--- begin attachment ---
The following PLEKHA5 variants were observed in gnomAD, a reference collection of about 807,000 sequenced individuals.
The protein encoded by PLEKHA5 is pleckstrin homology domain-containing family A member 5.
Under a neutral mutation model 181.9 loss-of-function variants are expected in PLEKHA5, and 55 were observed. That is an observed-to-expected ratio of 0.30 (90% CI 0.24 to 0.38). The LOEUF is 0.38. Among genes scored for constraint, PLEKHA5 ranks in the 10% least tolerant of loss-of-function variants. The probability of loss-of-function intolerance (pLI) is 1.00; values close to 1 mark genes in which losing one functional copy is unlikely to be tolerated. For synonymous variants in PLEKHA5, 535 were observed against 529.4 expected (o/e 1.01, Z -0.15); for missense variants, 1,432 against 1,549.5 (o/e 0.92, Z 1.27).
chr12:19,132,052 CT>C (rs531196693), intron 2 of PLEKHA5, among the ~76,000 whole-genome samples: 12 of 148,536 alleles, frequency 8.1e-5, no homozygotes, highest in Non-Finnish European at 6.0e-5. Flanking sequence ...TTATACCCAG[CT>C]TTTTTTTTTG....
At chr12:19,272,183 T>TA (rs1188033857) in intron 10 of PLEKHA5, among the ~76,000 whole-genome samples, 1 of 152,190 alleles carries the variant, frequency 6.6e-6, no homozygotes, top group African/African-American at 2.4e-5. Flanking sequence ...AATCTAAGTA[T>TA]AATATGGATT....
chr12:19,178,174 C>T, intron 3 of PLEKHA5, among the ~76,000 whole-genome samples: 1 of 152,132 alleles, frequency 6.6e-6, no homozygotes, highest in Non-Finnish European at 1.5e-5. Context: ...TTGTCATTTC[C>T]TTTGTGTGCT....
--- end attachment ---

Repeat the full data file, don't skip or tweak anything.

The following PLEKHA5 variants were observed in gnomAD, a reference collection of about 807,000 sequenced individuals.
The protein encoded by PLEKHA5 is pleckstrin homology domain-containing family A member 5.
Under a neutral mutation model 181.9 loss-of-function variants are expected in PLEKHA5, and 55 were observed. That is an observed-to-expected ratio of 0.30 (90% CI 0.24 to 0.38). The LOEUF is 0.38. Among genes scored for constraint, PLEKHA5 ranks in the 10% least tolerant of loss-of-function variants. The probability of loss-of-function intolerance (pLI) is 1.00; values close to 1 mark genes in which losing one functional copy is unlikely to be tolerated. For synonymous variants in PLEKHA5, 535 were observed against 529.4 expected (o/e 1.01, Z -0.15); for missense variants, 1,432 against 1,549.5 (o/e 0.92, Z 1.27).
chr12:19,132,052 CT>C (rs531196693), intron 2 of PLEKHA5, among the ~76,000 whole-genome samples: 12 of 148,536 alleles, frequency 8.1e-5, no homozygotes, highest in Non-Finnish European at 6.0e-5. Flanking sequence ...TTATACCCAG[CT>C]TTTTTTTTTG....
At chr12:19,272,183 T>TA (rs1188033857) in intron 10 of PLEKHA5, among the ~76,000 whole-genome samples, 1 of 152,190 alleles carries the variant, frequency 6.6e-6, no homozygotes, top group African/African-American at 2.4e-5. Flanking sequence ...AATCTAAGTA[T>TA]AATATGGATT....
chr12:19,178,174 C>T, intron 3 of PLEKHA5, among the ~76,000 whole-genome samples: 1 of 152,132 alleles, frequency 6.6e-6, no homozygotes, highest in Non-Finnish European at 1.5e-5. Context: ...TTGTCATTTC[C>T]TTTGTGTGCT....